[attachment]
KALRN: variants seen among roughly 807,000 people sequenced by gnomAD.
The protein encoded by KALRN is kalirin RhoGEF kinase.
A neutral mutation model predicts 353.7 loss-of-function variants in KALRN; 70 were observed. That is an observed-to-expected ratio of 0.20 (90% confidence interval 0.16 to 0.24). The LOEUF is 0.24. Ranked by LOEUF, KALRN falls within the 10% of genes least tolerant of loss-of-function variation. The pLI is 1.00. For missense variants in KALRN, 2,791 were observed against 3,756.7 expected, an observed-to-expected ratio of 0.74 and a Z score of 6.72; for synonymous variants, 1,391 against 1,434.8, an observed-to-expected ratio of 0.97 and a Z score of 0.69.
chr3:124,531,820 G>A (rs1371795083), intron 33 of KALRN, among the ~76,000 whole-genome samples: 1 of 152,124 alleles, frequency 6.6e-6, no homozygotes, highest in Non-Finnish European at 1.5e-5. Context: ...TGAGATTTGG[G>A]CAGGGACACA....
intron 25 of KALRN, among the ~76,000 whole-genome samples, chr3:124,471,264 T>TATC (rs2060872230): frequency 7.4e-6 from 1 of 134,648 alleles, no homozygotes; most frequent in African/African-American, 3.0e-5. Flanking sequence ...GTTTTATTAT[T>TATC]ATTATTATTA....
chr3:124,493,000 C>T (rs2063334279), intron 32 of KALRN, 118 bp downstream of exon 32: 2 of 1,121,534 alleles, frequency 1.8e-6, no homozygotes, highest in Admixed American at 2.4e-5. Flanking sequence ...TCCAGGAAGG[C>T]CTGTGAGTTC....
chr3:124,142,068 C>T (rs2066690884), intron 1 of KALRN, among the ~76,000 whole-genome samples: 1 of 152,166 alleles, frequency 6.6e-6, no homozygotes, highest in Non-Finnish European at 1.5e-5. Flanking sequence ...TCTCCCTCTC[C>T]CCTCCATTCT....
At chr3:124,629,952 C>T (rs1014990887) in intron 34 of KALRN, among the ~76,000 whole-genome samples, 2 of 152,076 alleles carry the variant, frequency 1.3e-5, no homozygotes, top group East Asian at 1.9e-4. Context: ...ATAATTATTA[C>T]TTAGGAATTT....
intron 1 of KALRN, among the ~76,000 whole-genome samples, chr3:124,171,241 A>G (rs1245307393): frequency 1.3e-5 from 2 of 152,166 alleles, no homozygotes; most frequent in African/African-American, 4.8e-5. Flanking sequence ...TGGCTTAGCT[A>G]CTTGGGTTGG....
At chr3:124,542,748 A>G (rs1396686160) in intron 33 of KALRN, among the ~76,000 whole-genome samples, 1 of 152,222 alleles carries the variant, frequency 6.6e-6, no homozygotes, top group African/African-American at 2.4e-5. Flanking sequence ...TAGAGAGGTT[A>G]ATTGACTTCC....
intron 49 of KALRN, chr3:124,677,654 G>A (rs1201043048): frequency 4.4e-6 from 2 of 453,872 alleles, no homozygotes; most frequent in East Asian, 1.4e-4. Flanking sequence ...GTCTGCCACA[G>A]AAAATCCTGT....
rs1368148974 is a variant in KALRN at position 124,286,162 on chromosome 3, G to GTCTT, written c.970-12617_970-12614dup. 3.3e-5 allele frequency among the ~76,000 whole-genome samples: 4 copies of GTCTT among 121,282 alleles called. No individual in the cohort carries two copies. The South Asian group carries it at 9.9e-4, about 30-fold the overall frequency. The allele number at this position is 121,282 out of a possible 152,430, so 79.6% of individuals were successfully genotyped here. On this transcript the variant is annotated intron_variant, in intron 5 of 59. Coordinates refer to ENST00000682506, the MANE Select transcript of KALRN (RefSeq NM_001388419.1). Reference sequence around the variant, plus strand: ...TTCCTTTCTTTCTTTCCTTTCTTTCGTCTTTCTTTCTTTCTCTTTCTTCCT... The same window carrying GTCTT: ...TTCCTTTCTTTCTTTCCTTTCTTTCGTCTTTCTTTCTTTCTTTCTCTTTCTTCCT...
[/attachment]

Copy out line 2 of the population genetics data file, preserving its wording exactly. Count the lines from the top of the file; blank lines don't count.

The protein encoded by KALRN is kalirin RhoGEF kinase.